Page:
Monthly Archives: January 2020

Human nurture

Let’s turn away from our lesser nature:

We don’t need it;

We shouldn’t want it.

Let’s cast it aside,

So we can grow into–

Our fullest, positive potential!

What U.S.-Iran relations mean for “brown” Americans

What does it mean to be a “brown” American? In 6th grade–this was around Bush Jr.’s administration, after 9/11 when we were strengthening our presence in the Middle East–a Caucasian boy called me “sand nigger”. Said boy seemed to be of middling intelligence, so I was not very offended.

9th grade (my first year of high school) is when my brownness became more explicit, to a point where I felt I should take my identity into my own hands. I was part of frosh/soph soccer at my school: we were a diverse group, but I was one of (at most) two total Indian-American folks on the entire soccer team, including JV and varsity levels

I was subject to a number of brown jokes during soccer. Like before, I took it in stride; this was even easier to do than before, given our team’s cohesion and comfort level. I even went as far as to lead the creation and playing of a “7-11 song”, which is (for better or worse) no longer accessible via YouTube.

Anyway, Bush era came and went. We remained in the Middle East and are still there today. Obama began withdrawing us, once we’d dealt with al-Qaeda’s leader bin Laden. During Obama, I played in an American rock band (high school) and entered college (UC Santa Barbara). Though I was something of an anomaly in the former–I have not known of American-Indian rock musicians playing seriously–I was simply more of a minority at UCSB. Still, as in my education prior, I was able to strike a diverse balance in my social network, and even found myself more surrounded by Indians at UCSB than I’d been since living in Cerritos (from birth on to mid-3rd grade).

During my first job out of college and in graduate school, I still did not really feel my brownness. I’m currently a psychology Ph.D. candidate at the University of West Georgia (UWG). Our department has had its fair share of Indian-Americans*, so despite living in the Deep South for four years, my brownness was not a factor (outside of curious inquiries into my heritage, and a comfort in my first Georgian dwelling place among housemates who were comfortable bantering about our ethnicities).

Now, I’m back home in California. I’d started to feel my brownness in Georgia as a function of my being a Hindu not surrounded by many other Hindus.

It’s hard to say how Indian-Americans will experience their brownness given the recent, increased fallout in U.S.-Middle East relations. I hope no one else is called a sand n**ger. But I also know that we can be a wily and resilient bunch when we need to be: I’m not worried about my ethnic people!


The Muse visits us

If we deserve Her company,

If we should be so


Our lives will be blessed;


Pleasant and interesting:

Pretty, and divine…

Noble, and sublime.

Give her your time–

And rhyme!

Marx, Rousseau, Smith, and Sartre

Marx believed that capitalist working classes would rise up and revolt against the upper classes. Rousseau believed humans join society upon agreement to a “socpopial contract”. Adam Smith advocated for laissez-faire economics, believing that an “invisible hand” could correct such an economy toward equilibrium.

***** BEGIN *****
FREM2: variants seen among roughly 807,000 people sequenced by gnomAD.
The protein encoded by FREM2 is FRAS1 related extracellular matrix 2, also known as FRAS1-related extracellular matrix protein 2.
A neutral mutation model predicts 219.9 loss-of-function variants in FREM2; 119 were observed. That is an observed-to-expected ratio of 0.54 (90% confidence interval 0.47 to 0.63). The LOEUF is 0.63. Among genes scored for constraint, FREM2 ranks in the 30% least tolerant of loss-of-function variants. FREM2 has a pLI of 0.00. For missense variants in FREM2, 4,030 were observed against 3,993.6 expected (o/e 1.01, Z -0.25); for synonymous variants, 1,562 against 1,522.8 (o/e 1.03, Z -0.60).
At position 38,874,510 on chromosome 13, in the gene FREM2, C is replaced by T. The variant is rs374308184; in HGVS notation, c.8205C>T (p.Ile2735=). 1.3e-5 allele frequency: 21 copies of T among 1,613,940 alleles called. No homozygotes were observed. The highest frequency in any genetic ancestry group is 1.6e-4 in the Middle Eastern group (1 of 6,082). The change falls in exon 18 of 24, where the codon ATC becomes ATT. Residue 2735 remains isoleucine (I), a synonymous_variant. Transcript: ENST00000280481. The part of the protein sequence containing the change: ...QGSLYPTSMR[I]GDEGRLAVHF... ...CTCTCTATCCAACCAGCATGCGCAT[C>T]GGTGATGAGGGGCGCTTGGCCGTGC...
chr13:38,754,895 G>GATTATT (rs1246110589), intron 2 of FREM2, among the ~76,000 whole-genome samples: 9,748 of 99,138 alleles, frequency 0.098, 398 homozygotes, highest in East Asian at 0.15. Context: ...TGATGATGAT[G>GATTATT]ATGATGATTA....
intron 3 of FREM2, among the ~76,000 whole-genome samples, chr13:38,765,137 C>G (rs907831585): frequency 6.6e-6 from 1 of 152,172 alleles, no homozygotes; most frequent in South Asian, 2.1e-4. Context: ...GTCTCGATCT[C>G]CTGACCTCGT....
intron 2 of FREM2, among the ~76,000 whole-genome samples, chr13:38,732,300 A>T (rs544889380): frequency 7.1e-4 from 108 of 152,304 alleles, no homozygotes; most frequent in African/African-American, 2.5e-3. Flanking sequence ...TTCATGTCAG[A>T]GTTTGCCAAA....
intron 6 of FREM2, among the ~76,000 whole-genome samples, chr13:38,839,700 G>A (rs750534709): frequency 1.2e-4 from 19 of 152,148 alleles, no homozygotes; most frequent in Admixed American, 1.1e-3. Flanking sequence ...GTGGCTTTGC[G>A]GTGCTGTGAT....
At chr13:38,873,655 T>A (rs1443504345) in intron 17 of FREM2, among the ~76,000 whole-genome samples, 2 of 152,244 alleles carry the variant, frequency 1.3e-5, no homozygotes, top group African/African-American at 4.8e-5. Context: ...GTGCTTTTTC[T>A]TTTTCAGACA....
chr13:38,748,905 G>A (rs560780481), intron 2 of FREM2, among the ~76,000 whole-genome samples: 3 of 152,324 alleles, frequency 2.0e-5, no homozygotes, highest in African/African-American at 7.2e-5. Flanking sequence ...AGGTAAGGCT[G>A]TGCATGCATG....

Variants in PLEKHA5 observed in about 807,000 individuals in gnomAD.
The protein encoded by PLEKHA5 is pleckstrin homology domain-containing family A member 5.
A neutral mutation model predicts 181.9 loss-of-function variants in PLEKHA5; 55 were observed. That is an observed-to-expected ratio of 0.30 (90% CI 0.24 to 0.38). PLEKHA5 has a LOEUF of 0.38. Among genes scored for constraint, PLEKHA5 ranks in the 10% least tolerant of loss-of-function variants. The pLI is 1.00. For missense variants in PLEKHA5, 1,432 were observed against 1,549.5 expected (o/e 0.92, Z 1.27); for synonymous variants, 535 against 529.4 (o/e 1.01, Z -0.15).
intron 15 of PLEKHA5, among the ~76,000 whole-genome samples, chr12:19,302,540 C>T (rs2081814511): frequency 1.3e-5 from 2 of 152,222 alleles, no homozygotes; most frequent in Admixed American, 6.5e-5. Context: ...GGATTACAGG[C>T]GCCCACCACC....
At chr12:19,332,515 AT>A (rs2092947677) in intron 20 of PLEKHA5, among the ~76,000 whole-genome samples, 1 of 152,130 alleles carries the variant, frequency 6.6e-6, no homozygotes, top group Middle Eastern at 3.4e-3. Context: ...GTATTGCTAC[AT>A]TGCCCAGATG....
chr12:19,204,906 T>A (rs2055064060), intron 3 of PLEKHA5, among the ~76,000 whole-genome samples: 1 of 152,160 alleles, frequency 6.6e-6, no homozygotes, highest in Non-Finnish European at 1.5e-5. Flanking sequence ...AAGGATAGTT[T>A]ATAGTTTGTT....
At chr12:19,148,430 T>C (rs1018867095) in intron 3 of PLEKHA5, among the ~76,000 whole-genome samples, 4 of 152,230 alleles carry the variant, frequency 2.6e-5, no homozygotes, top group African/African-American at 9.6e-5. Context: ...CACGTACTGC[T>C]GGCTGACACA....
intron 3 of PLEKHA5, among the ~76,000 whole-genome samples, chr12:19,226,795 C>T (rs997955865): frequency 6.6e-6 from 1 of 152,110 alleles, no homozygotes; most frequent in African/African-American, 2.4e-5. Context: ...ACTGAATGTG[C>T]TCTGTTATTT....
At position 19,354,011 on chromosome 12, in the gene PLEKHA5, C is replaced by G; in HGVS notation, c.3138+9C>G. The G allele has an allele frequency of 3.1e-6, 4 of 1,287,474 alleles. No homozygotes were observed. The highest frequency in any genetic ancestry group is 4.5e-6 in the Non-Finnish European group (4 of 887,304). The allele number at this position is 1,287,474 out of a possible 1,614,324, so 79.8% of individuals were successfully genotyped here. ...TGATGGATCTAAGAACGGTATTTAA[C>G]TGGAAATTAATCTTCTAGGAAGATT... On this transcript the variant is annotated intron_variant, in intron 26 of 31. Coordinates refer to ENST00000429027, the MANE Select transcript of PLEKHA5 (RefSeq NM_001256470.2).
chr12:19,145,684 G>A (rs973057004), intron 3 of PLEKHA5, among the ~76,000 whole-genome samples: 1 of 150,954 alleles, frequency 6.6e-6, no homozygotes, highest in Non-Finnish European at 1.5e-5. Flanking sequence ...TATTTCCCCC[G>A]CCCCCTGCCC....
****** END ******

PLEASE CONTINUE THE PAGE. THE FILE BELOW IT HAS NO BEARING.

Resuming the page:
The Qur’an states that the oppressed have rights to defend themselves from oppressors. Are socioeconomic upper classes rightly oppressing those beneath them? Is a Marxist-style revolt justified?

Rousseau’s theory of social contract is existential (e.g., Sartrean) to the extent that being thrown into the world usually lands humans into society.

Given the above state of affairs, can lower classes voluntarily exit their (unequal, and so undesirable) social contracts? If not, and if they are being oppressed–sweatshop labor is an noncontroversial example–then they have the religious right to revolt (per Islam).

Postmodernism and behavior

Let us define postmodernism here as emphasizing nurture (cultural or societal influence) over nature (biological influence).

Where do we ground human behavior? Does nature or nurture determine it?

If behavior is granted to be psychological, rather than only physiological, then we must contend with whether we act with agency.

The more agentically we act, the stronger nurture’s role is.

In other words: the more free will we humans possess, the more postmodern we are.

We shouldn’t ignore our biology. But to what extent does it constrain or define what we do?

Genetics predisposes us toward certain behaviors over others. This equates with tendency, but not hard determinism.

Similarly, our environments play a role in what we can do, should do, and ultimately do.

What do societal and/or cultural influence look like? Society consists in two or more people who agree (i.e., they enter into a “contract”) on certain axioms for living. These comprise said society’s ethics.

Culture, I have argued, consists in preferred modes of being and doing. Such constitutes our style, or “art” of being. We have “tastes” for and against certain modes of living.

Societally, then, our behavior is governed by our agreed-upon ethics. Culturally, what we do should capitalize on our desired ways of being.

Arguably, society is largely a modern construct. Culture may be granted to be more evolutionarily recent: it is postmodern.

Postmodern living is how we freely choose to cope with facticity (including law and the world of physical objects: what we are “thrown” into the world amidst). Societal living consists in fulfilling our formal roles as social beings, e.g. providing for our families and others.

Postmodernity grants us individual freedom, given that we act sufficiently as responsible social agents.